A Trip to the Doctor’s Office

This Friday, I went home for the afternoon so I could get my annual check-up at my doctor’s office. As part of the evaluation, I was asked about my diet and the different types of foods I choose to eat regularly. When I started to list off some food products, I was reminded of this blog and my research on GMOs. Although I didn’t intend to interview my doctor, Amanda Kelley, I ended up asking her a few questions about her opinion on genetic modification.

Dr. Kelley described how she has never had a patient who has had a medical problem directly related to the consumption of genetically modified foods. She recommends genetically modified food products to patients but emphasizes the importance of eating foods from all six food groups. Dr. Kelley frequently advises patients to buy rice and cereals that have been genetically modified to contain iron.

Dr. Kelley also recommended looking into the medical implications of genetic modification. Inspired by my doctor, I went home and did some research. I discovered that genetically modified microbes and animals have revolutionized the production of pharmaceuticals. The newest hepatitis B vaccines, for instance, are produced using genetically modified baker’s yeast. Similarly, insulin is produced in genetically modified bacteria.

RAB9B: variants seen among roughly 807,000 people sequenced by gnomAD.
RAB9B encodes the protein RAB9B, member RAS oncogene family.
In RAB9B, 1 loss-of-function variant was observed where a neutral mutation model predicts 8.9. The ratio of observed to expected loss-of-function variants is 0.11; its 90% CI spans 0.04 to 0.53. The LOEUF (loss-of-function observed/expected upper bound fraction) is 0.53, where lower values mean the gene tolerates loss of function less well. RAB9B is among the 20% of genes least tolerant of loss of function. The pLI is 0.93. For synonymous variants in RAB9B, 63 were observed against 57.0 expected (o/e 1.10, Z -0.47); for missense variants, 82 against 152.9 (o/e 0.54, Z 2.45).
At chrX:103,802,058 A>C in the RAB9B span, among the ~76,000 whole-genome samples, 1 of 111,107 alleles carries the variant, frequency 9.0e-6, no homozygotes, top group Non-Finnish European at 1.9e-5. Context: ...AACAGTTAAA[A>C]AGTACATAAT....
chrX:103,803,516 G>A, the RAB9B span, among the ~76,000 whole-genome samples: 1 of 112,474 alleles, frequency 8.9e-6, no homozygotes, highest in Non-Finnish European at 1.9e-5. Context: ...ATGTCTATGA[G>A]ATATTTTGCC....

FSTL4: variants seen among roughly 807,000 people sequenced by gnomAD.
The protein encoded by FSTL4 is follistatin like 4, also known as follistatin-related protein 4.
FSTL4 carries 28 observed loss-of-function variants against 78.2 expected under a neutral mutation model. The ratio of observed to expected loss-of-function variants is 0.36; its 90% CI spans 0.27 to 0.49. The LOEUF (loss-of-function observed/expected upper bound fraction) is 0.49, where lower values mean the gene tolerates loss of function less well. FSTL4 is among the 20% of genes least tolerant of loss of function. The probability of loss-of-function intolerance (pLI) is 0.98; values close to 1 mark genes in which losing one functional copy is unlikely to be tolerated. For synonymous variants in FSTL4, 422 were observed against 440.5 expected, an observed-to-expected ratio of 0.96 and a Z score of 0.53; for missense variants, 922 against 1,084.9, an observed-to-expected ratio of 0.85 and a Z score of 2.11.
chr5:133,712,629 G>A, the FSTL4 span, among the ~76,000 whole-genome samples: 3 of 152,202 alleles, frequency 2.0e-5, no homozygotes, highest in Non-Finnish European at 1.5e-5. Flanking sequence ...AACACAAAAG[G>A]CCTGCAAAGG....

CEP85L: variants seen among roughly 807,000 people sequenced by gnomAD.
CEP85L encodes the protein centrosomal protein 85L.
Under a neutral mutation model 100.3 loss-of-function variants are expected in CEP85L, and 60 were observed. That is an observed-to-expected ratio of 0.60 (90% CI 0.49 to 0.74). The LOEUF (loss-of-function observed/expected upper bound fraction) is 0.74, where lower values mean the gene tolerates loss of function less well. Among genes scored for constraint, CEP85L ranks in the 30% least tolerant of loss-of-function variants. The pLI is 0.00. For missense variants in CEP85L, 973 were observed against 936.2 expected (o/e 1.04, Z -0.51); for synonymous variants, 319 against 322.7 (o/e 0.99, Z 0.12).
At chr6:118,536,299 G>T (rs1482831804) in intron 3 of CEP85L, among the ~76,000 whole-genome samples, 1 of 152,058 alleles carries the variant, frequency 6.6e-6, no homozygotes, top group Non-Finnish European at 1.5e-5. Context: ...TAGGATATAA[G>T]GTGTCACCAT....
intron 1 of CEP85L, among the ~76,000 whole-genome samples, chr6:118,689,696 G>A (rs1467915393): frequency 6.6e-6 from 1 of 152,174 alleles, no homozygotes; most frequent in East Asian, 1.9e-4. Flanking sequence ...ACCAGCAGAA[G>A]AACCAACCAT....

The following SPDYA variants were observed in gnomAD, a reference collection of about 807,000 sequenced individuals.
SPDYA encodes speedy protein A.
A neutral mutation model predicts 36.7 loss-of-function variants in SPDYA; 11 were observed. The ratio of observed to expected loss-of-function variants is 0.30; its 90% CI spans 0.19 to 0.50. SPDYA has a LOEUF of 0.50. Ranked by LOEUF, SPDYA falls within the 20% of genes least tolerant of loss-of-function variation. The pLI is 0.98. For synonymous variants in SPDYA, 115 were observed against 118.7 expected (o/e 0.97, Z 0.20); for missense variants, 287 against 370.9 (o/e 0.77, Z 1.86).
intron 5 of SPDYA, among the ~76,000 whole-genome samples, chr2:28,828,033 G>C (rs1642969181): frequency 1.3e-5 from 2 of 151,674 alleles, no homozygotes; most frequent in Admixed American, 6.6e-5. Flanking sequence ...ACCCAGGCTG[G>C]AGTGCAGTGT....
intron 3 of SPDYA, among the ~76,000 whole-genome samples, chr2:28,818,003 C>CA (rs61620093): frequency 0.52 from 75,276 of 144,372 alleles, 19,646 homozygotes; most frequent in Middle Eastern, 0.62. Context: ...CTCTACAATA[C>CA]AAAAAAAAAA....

Thanks to my trip to the doctor, I now better understand why genetic modification has gained approval in the medical field. As we continue to advance technologically, we have found unique ways to use genetic modification in medicine and experimentation. While I am opposed to the research on animals for our benefit, I see why using GMOs in health-related fields makes sense. If GMOs are already being used to remedy illnesses, they could potentially be used to cure future strains of fatal diseases.

Amanda Kelley, in-person interview, Beverly, MA 15 November 2013

Encyclopaedia Britannica. 2013 Genetically Modified Organisms. Electronic Document, <http://www.britannica.com/EBchecked/topic/897705/genetically-modified-organism>, accessed November 22, 2013.

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